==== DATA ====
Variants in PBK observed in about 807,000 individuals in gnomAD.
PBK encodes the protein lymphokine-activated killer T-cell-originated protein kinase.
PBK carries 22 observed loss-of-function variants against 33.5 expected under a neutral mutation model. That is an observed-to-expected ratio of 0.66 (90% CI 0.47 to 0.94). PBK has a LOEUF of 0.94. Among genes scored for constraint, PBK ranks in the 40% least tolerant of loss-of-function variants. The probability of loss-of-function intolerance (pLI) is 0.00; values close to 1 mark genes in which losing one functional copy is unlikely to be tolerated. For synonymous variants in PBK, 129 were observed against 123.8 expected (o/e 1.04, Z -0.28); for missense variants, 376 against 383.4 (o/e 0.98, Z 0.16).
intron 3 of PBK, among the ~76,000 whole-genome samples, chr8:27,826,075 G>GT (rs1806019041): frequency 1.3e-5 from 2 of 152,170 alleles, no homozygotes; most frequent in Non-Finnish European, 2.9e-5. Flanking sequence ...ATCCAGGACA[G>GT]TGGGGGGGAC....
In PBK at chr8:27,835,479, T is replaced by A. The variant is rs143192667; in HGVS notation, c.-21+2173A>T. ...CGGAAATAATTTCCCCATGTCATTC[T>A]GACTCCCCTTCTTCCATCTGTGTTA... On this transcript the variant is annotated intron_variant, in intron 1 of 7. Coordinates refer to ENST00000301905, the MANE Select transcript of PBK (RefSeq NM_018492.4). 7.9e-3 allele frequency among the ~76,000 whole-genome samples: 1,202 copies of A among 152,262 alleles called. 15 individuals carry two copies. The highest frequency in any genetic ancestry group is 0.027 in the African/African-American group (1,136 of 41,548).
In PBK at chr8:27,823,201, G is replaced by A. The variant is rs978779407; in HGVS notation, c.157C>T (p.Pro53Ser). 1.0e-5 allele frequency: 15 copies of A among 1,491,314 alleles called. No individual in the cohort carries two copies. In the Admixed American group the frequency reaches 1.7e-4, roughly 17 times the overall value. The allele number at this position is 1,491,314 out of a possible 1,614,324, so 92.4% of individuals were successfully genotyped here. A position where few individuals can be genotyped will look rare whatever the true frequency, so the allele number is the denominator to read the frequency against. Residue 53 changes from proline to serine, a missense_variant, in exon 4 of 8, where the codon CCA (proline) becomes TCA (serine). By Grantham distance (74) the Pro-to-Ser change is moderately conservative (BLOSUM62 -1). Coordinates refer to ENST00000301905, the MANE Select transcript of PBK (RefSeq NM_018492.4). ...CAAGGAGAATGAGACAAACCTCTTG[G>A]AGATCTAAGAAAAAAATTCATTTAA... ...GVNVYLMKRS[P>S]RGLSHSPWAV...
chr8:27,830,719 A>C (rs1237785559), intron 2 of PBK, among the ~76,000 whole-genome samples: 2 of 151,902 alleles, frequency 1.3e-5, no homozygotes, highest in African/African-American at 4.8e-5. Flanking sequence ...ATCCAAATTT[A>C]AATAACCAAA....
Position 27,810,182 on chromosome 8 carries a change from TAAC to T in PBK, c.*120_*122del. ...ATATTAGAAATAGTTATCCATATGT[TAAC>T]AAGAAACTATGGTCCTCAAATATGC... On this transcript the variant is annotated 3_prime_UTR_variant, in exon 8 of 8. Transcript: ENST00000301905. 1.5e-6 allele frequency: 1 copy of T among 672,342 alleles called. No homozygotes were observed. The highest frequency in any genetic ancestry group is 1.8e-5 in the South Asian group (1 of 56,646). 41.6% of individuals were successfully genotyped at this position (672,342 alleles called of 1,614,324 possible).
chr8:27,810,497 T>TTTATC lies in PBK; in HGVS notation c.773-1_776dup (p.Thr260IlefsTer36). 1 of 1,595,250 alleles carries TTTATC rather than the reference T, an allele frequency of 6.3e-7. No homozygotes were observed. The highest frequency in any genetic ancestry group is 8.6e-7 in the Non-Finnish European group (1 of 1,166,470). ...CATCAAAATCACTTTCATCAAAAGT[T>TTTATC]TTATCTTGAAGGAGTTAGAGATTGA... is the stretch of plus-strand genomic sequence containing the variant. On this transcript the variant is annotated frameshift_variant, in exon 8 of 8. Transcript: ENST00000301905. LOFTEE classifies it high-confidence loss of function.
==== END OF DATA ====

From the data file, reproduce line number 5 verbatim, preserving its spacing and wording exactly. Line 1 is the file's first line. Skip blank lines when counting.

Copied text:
In PBK at chr8:27,835,479, T is replaced by A. The variant is rs143192667; in HGVS notation, c.-21+2173A>T. ...CGGAAATAATTTCCCCATGTCATTC[T>A]GACTCCCCTTCTTCCATCTGTGTTA... On this transcript the variant is annotated intron_variant, in intron 1 of 7. Coordinates refer to ENST00000301905, the MANE Select transcript of PBK (RefSeq NM_018492.4). 7.9e-3 allele frequency among the ~76,000 whole-genome samples: 1,202 copies of A among 152,262 alleles called. 15 individuals carry two copies. The highest frequency in any genetic ancestry group is 0.027 in the African/African-American group (1,136 of 41,548).